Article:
There is also a need to disclose all debts, including government contingency liabilities, says the economist
KUALA LUMPUR: The government needs to ensure that the nation’s borrowings are utilised productively and efficiently, said a leading economist.
Speaking to Berita Daily, Ramon Navaratnam said this was necessary to ensure that the economy would be able to sustain the country’s debts and repay the rising loans and interests.
“If the economy is more productive and more efficient and better managed, the chances that the debts will be well settled, is possible.
“But if we continue to borrow and with various corruptions, inefficiencies and low productivity then, Malaysia will be in trouble,” he said.
During the Budget 2018 speech, Prime Minister Najib Razak revealed that the federal government debts stood at RM685.06 billion as at end-June 2017.
This translates the debts to 50.9% of the country’s gross domestic product (GDP).
By international standards according to the United Nations 2017 data, Malaysia accounts for 0.3% of the world’s total hefty government debts of US$63 trillion.
“It is still at around 54%, which is not alarming in itself. Especially when you compare it to some more developed countries,” said Ramon.
Malaysian Rating Corporation Bhd in its recent research report had described the government’s efforts in bringing down the budget deficit while expressing determination to keep public debt to a self-imposed statutory debt limit of 55% of GDP.
“So the question is, how good will Malaysians and the leadership be in monitoring the debt to ensure that the country will not over-borrow too soon too fast?” said Ramon.
Bailing out GLCs increases debts
Though the government’s debts are still within limits, they are not inclusive of the government-guaranteed debts of RM226.88 billion (16.9% of GDP) as reported by The Edge Malaysia.
Ramon, who is Asian Strategy and Leadership Institute (Asli) chairman, said that the government must be prudent and monitor closely all government linked companies to ensure no wastage happens.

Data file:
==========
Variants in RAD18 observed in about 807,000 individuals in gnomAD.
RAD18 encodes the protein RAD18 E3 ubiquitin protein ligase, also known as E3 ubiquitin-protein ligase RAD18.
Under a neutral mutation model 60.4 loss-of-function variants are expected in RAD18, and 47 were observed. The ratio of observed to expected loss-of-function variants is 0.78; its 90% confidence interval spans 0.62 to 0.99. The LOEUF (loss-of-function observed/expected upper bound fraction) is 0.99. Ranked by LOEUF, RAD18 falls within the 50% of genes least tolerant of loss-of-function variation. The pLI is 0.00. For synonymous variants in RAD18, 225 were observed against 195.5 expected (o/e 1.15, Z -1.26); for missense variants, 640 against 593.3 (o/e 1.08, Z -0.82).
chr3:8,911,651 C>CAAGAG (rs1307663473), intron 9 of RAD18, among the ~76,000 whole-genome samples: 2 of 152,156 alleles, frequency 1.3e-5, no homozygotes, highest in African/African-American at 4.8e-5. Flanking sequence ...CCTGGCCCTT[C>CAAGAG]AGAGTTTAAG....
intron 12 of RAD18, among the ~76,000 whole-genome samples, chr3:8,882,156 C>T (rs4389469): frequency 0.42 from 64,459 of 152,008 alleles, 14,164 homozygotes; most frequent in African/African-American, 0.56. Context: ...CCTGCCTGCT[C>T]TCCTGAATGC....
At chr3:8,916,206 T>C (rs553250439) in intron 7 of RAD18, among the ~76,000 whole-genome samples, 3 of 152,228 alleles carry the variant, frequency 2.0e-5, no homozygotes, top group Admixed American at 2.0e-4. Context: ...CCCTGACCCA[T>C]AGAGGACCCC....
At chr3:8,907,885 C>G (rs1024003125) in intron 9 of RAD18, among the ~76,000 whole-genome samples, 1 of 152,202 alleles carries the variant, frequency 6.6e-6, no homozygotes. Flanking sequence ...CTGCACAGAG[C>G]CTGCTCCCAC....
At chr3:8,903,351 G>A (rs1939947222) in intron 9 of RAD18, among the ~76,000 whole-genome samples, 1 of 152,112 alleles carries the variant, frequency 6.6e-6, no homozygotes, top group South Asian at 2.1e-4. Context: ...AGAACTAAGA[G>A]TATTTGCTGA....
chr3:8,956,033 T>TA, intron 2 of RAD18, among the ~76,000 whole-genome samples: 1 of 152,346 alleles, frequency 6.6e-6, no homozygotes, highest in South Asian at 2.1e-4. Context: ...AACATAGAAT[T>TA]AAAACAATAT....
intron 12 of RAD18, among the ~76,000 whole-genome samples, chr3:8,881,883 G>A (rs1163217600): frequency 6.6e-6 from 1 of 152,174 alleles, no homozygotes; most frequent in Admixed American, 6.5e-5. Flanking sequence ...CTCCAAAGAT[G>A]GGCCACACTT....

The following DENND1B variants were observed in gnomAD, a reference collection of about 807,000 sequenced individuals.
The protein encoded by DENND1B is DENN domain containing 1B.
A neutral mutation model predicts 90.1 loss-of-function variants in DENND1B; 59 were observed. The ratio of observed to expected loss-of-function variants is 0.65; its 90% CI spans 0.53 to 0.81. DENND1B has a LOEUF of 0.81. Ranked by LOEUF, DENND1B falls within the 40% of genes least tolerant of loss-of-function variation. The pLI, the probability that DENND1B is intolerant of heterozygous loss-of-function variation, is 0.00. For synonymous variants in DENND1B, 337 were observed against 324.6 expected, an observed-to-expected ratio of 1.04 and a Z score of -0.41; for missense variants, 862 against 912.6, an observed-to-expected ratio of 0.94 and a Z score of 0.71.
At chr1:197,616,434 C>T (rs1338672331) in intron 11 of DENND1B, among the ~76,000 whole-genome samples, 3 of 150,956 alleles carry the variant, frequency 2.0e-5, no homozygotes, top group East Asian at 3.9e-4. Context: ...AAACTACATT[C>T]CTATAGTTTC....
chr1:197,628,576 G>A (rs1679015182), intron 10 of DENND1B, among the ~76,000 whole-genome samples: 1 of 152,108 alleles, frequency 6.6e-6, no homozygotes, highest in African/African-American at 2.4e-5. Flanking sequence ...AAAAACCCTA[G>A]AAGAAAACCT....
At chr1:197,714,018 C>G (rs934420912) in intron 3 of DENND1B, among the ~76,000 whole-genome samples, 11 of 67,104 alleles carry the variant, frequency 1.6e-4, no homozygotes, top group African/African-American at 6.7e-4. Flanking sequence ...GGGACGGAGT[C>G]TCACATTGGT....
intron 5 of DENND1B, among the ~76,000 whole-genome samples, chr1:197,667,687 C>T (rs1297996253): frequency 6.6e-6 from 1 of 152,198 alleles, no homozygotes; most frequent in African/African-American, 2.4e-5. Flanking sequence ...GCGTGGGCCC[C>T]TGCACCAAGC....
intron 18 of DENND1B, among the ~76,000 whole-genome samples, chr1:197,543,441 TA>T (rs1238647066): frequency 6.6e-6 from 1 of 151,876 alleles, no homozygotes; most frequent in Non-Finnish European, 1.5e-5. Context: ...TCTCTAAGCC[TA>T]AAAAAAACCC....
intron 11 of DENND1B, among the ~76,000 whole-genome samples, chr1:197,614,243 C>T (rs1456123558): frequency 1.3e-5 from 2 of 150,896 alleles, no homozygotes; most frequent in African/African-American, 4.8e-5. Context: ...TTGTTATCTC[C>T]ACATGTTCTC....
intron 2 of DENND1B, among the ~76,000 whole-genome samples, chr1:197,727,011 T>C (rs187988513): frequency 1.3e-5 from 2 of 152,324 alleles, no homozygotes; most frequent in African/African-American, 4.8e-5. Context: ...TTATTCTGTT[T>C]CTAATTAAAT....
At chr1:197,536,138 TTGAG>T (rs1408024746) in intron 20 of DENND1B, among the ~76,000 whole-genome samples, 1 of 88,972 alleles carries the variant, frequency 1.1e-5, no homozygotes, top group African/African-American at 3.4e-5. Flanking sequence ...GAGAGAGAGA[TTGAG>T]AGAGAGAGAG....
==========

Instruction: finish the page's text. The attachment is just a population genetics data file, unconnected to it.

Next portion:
“That’s why I said, if the debt is raised to increase infrastructure that is productive and profit-making then, Malaysia is all right. But if it is used for questionable purposes then, Malaysia will be in trouble.
“So the real issue is to watch the situation carefully, monitor it closely and be faster to adjust to and faster to react to growing wastage through corruption, inefficiency and even cronyism,” he said.
Meanwhile, Serdang MP Ong Kian Ming claimed that Malaysia’s service charges for debts have increased from RM14.2 billion in 2009 to RM30.8 billion in 2018.
The federal debt grew by 89.7% or an annual growth rate of 11.2% from 2009 to 2017.
Be transparent with the debts
In early 2016, the government had set up a technical committee to evaluate the government’s fiscal risks and contingent liabilities as well as to come up with appropriate measures.
It was a pre-emptive measure in response to the significant decline in government revenue following the drop in oil prices then.
However Ramon said, the committee must be transparent and it must inform the public its findings.
“And another issue is, let’s expose the full debt, including government contingency liabilities. That means including all government guarantees for our debts.
“Because if loans taken out are guaranteed and they don’t bring about profitability and productivity then, the loans would collapse and government debt will increase,” he said.
Ramon said, the concept of including contingency liabilities is important as it provided guarantees.
“If the government can provide a guarantee then, people won’t mind lending….It is not transparent enough,” added Ramon.